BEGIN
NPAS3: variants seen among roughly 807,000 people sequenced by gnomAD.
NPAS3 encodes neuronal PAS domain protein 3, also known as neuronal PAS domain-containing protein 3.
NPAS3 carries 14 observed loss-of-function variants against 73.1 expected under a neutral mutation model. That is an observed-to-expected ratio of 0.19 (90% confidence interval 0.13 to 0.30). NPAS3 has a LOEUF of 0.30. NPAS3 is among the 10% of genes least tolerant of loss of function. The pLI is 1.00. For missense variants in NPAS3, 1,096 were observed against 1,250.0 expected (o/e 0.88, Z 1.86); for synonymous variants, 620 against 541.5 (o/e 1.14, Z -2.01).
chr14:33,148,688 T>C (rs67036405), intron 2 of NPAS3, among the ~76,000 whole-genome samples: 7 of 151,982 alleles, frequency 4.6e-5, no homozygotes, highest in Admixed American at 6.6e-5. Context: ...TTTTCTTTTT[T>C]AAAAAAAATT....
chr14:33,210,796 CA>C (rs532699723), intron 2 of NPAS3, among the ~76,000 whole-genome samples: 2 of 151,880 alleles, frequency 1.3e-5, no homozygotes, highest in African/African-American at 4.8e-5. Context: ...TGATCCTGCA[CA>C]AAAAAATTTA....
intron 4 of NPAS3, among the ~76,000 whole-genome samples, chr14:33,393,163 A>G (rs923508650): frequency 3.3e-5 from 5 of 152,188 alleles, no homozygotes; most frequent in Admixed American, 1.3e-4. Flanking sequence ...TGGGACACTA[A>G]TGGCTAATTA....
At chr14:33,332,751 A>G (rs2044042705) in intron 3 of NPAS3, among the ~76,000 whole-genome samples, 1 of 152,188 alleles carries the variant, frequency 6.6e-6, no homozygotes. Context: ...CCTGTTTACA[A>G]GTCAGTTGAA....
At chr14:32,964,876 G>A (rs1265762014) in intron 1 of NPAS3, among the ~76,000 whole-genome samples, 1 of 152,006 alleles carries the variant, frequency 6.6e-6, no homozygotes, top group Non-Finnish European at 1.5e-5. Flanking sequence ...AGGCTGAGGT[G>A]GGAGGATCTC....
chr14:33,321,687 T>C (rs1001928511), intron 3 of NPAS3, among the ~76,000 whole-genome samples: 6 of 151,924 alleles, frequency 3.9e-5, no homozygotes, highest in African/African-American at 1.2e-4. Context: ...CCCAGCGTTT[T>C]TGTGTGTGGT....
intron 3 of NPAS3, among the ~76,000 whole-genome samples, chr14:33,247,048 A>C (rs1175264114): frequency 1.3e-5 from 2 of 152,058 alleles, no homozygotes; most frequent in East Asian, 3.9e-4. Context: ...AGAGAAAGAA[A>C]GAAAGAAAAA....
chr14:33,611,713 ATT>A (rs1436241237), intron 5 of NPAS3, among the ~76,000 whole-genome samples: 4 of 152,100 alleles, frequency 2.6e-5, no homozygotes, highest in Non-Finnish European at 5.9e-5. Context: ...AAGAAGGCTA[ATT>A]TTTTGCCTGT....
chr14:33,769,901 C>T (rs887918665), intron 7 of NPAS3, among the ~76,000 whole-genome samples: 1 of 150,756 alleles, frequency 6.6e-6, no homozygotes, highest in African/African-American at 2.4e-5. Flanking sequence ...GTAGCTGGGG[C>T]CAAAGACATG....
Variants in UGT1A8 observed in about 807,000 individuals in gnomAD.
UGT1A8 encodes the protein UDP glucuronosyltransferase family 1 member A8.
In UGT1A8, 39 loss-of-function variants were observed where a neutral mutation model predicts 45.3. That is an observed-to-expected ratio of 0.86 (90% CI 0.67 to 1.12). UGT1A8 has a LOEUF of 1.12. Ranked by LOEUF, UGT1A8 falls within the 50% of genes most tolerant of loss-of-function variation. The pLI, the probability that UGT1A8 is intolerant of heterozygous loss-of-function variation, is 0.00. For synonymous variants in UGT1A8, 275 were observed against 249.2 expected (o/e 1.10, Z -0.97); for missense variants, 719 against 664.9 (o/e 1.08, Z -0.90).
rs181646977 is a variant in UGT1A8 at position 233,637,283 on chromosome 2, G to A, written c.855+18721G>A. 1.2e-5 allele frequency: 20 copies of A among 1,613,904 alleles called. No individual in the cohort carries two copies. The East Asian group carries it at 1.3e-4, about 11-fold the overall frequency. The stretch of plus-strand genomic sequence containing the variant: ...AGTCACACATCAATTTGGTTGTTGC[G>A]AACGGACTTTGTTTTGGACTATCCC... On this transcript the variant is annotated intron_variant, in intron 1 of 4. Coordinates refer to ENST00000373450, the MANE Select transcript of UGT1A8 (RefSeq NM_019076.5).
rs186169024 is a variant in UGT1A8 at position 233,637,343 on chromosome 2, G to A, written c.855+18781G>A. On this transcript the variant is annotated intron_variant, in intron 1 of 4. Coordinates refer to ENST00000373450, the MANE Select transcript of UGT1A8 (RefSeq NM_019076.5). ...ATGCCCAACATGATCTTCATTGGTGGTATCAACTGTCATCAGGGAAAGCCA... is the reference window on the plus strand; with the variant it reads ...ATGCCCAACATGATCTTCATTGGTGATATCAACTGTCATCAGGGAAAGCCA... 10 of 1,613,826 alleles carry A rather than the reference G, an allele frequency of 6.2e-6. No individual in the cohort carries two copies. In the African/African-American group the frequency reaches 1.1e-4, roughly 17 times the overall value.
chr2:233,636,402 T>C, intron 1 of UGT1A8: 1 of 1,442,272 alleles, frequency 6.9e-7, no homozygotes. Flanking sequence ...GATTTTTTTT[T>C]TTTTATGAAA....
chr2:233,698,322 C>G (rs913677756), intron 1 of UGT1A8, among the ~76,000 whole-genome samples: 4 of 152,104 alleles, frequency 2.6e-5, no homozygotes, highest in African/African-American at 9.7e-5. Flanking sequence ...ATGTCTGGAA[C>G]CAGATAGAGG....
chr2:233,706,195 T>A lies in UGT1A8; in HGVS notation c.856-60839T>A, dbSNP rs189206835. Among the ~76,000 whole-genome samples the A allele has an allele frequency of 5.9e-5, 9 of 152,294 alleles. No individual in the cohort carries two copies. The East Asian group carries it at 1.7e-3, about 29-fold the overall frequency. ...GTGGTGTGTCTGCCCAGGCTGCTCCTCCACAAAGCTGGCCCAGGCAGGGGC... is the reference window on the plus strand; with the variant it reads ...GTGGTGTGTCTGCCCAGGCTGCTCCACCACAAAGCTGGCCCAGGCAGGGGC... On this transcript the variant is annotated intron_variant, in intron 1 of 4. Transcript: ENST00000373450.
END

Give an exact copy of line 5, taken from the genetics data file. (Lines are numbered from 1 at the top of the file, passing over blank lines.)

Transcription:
chr14:33,210,796 CA>C (rs532699723), intron 2 of NPAS3, among the ~76,000 whole-genome samples: 2 of 151,880 alleles, frequency 1.3e-5, no homozygotes, highest in African/African-American at 4.8e-5. Context: ...TGATCCTGCA[CA>C]AAAAAATTTA....